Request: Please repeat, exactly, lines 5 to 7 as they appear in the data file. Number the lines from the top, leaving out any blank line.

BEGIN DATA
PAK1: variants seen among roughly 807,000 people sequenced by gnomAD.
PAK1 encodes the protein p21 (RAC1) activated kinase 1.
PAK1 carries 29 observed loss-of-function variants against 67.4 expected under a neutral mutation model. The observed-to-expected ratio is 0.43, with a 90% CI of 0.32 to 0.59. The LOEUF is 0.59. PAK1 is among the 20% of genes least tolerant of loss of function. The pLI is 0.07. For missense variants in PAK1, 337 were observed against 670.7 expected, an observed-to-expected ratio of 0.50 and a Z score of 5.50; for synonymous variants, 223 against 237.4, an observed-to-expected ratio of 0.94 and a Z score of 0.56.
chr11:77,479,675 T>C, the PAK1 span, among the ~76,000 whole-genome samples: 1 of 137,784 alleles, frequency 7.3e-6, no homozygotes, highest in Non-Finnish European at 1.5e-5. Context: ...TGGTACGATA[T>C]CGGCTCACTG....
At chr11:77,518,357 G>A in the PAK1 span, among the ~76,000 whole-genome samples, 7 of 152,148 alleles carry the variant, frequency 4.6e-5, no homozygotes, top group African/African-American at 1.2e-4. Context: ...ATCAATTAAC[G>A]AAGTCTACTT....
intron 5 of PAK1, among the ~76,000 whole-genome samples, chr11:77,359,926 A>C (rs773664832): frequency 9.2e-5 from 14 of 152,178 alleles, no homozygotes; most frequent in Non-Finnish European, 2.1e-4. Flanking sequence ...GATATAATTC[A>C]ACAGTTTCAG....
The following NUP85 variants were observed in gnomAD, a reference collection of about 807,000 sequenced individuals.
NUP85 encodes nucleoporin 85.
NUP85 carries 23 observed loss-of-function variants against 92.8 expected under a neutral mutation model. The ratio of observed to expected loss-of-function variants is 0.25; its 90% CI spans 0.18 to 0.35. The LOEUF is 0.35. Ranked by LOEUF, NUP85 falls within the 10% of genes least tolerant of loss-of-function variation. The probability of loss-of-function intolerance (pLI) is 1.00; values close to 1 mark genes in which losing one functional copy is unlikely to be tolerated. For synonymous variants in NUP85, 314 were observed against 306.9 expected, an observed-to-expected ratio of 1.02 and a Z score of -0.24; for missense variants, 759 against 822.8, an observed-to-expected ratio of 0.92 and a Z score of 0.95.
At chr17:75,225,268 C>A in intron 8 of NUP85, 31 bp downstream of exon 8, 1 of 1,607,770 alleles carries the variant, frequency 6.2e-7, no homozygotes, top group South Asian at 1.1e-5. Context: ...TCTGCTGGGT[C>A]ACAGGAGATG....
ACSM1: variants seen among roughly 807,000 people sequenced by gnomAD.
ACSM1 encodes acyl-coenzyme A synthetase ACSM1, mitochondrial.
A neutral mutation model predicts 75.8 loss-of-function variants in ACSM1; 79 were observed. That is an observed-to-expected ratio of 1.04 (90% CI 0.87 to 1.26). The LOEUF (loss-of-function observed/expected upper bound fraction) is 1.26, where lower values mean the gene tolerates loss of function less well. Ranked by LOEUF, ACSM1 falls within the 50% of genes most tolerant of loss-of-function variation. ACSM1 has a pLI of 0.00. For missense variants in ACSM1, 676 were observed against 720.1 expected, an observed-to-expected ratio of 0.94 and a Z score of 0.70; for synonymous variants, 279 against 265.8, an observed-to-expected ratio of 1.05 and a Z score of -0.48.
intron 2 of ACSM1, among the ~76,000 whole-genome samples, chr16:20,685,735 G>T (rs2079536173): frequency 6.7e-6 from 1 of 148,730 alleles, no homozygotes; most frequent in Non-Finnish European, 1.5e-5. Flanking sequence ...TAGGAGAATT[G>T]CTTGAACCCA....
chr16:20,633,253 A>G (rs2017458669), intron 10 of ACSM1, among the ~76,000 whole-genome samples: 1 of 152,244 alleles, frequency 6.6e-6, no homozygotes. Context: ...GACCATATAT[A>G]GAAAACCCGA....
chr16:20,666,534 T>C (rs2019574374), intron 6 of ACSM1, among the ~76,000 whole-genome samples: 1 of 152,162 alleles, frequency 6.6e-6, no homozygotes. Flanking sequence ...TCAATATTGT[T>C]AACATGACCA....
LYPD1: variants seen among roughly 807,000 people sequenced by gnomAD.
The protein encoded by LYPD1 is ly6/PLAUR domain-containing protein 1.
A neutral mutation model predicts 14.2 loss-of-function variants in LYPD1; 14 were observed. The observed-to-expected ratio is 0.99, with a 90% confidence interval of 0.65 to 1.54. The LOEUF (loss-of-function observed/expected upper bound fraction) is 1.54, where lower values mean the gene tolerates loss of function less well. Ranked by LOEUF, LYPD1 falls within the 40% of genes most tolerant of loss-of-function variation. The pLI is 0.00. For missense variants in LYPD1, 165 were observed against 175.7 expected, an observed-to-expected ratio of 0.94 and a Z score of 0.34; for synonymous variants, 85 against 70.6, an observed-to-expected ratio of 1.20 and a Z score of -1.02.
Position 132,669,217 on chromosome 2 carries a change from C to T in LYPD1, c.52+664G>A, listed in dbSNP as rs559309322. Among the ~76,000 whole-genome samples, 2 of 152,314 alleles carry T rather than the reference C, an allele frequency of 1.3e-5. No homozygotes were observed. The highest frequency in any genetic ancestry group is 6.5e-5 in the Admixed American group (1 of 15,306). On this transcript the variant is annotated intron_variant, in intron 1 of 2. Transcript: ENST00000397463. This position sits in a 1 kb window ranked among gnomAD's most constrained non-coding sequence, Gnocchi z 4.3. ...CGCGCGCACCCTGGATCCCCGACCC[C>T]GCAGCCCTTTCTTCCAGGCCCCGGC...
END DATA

At chr11:77,518,357 G>A in the PAK1 span, among the ~76,000 whole-genome samples, 7 of 152,148 alleles carry the variant, frequency 4.6e-5, no homozygotes, top group African/African-American at 1.2e-4. Context: ...ATCAATTAAC[G>A]AAGTCTACTT....
intron 5 of PAK1, among the ~76,000 whole-genome samples, chr11:77,359,926 A>C (rs773664832): frequency 9.2e-5 from 14 of 152,178 alleles, no homozygotes; most frequent in Non-Finnish European, 2.1e-4. Flanking sequence ...GATATAATTC[A>C]ACAGTTTCAG....
The following NUP85 variants were observed in gnomAD, a reference collection of about 807,000 sequenced individuals.